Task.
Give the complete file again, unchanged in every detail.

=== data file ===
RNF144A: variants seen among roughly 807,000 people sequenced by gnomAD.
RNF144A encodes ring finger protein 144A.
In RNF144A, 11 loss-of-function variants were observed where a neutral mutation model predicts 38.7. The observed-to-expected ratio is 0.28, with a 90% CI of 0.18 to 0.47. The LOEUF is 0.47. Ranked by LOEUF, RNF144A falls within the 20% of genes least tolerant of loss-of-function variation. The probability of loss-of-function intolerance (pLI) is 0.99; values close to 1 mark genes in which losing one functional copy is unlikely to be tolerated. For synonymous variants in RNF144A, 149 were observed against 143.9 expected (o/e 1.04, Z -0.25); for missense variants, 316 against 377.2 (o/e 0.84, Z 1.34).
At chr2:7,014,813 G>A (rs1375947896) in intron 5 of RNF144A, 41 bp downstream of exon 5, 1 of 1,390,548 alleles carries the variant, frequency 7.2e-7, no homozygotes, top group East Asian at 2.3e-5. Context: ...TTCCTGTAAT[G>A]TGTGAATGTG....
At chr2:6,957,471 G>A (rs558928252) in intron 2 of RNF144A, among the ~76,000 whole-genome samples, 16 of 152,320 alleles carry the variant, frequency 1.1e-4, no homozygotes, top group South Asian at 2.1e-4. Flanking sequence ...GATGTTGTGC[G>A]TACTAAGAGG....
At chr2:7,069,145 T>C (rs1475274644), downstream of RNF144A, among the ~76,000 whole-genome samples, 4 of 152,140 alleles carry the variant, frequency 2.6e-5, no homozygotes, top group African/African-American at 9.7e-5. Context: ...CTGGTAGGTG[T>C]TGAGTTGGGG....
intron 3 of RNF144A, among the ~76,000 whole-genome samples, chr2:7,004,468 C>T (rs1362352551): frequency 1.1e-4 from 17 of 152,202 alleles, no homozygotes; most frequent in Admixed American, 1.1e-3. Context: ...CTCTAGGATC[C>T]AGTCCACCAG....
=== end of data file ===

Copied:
RNF144A: variants seen among roughly 807,000 people sequenced by gnomAD.
RNF144A encodes ring finger protein 144A.
In RNF144A, 11 loss-of-function variants were observed where a neutral mutation model predicts 38.7. The observed-to-expected ratio is 0.28, with a 90% CI of 0.18 to 0.47. The LOEUF is 0.47. Ranked by LOEUF, RNF144A falls within the 20% of genes least tolerant of loss-of-function variation. The probability of loss-of-function intolerance (pLI) is 0.99; values close to 1 mark genes in which losing one functional copy is unlikely to be tolerated. For synonymous variants in RNF144A, 149 were observed against 143.9 expected (o/e 1.04, Z -0.25); for missense variants, 316 against 377.2 (o/e 0.84, Z 1.34).
At chr2:7,014,813 G>A (rs1375947896) in intron 5 of RNF144A, 41 bp downstream of exon 5, 1 of 1,390,548 alleles carries the variant, frequency 7.2e-7, no homozygotes, top group East Asian at 2.3e-5. Context: ...TTCCTGTAAT[G>A]TGTGAATGTG....
At chr2:6,957,471 G>A (rs558928252) in intron 2 of RNF144A, among the ~76,000 whole-genome samples, 16 of 152,320 alleles carry the variant, frequency 1.1e-4, no homozygotes, top group South Asian at 2.1e-4. Flanking sequence ...GATGTTGTGC[G>A]TACTAAGAGG....
At chr2:7,069,145 T>C (rs1475274644), downstream of RNF144A, among the ~76,000 whole-genome samples, 4 of 152,140 alleles carry the variant, frequency 2.6e-5, no homozygotes, top group African/African-American at 9.7e-5. Context: ...CTGGTAGGTG[T>C]TGAGTTGGGG....
intron 3 of RNF144A, among the ~76,000 whole-genome samples, chr2:7,004,468 C>T (rs1362352551): frequency 1.1e-4 from 17 of 152,202 alleles, no homozygotes; most frequent in Admixed American, 1.1e-3. Context: ...CTCTAGGATC[C>T]AGTCCACCAG....